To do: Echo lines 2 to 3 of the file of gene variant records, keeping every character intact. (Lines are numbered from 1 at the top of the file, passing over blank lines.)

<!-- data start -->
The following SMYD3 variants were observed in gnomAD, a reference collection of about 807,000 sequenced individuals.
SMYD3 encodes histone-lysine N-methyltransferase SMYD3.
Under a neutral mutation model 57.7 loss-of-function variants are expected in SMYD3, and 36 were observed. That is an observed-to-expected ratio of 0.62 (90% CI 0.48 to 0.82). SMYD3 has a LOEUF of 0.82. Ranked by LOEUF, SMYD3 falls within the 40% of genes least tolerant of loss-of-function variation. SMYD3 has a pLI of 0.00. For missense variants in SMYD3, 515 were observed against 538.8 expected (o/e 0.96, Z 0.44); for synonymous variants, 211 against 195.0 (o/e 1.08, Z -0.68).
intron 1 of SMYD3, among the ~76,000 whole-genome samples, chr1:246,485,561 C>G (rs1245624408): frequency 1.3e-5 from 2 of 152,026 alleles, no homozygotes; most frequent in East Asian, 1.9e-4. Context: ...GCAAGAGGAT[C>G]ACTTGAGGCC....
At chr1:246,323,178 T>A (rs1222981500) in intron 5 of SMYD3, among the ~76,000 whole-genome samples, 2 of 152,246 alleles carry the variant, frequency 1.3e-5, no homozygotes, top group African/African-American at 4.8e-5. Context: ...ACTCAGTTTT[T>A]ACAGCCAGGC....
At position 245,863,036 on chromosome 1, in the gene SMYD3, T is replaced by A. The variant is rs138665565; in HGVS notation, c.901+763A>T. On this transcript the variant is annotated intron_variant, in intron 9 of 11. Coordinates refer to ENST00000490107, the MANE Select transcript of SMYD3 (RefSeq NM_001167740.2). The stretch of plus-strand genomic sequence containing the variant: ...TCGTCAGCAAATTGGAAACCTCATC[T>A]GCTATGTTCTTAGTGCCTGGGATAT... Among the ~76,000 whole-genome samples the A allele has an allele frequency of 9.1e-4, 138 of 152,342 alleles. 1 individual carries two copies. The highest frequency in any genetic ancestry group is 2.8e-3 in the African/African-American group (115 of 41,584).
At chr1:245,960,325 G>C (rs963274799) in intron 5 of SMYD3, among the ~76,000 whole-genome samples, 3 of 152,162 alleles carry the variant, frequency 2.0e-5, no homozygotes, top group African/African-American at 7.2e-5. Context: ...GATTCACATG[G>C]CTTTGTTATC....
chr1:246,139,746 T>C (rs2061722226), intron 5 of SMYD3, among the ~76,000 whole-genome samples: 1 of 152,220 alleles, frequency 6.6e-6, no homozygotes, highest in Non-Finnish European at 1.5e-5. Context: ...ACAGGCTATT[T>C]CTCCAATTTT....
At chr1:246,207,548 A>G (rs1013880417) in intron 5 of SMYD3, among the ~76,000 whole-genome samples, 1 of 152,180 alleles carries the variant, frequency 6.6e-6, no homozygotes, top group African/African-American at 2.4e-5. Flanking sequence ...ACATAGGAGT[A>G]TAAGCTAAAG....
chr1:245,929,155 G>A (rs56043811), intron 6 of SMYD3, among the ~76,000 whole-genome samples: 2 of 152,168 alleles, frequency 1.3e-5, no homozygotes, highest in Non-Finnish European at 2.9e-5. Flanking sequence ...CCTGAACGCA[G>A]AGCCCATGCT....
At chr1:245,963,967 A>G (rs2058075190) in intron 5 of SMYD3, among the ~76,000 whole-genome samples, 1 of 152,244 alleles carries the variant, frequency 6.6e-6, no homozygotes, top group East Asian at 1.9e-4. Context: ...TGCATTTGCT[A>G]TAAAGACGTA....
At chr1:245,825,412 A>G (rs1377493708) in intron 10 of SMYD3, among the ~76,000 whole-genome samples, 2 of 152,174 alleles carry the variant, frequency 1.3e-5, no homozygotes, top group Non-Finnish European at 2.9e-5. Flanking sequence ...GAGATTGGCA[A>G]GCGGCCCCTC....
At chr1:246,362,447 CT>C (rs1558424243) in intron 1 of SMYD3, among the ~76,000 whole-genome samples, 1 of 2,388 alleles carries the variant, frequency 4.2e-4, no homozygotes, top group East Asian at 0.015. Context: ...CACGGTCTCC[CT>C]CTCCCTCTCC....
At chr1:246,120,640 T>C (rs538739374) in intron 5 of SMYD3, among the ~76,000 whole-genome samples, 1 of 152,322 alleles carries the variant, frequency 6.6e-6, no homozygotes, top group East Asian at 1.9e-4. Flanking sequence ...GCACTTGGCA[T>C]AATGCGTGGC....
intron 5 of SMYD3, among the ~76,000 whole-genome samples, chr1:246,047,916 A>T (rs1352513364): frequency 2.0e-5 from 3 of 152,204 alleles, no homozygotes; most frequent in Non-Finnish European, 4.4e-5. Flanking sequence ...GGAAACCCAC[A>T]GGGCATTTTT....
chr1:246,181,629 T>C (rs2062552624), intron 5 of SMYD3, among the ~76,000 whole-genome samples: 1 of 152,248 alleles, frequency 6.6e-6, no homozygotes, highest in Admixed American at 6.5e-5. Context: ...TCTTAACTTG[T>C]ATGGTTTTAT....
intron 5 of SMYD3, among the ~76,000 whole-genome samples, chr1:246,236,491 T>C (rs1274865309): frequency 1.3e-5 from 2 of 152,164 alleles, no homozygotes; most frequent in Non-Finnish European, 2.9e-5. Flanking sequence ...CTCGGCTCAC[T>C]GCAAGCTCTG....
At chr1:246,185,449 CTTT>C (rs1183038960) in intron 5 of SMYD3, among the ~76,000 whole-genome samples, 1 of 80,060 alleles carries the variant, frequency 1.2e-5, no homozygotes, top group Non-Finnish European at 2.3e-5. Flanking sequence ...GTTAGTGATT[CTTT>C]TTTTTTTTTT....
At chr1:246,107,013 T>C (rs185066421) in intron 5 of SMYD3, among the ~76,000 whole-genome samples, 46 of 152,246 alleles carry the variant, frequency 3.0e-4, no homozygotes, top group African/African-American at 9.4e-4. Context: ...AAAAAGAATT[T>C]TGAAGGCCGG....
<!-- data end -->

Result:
SMYD3 encodes histone-lysine N-methyltransferase SMYD3.
Under a neutral mutation model 57.7 loss-of-function variants are expected in SMYD3, and 36 were observed. That is an observed-to-expected ratio of 0.62 (90% CI 0.48 to 0.82). SMYD3 has a LOEUF of 0.82. Ranked by LOEUF, SMYD3 falls within the 40% of genes least tolerant of loss-of-function variation. SMYD3 has a pLI of 0.00. For missense variants in SMYD3, 515 were observed against 538.8 expected (o/e 0.96, Z 0.44); for synonymous variants, 211 against 195.0 (o/e 1.08, Z -0.68).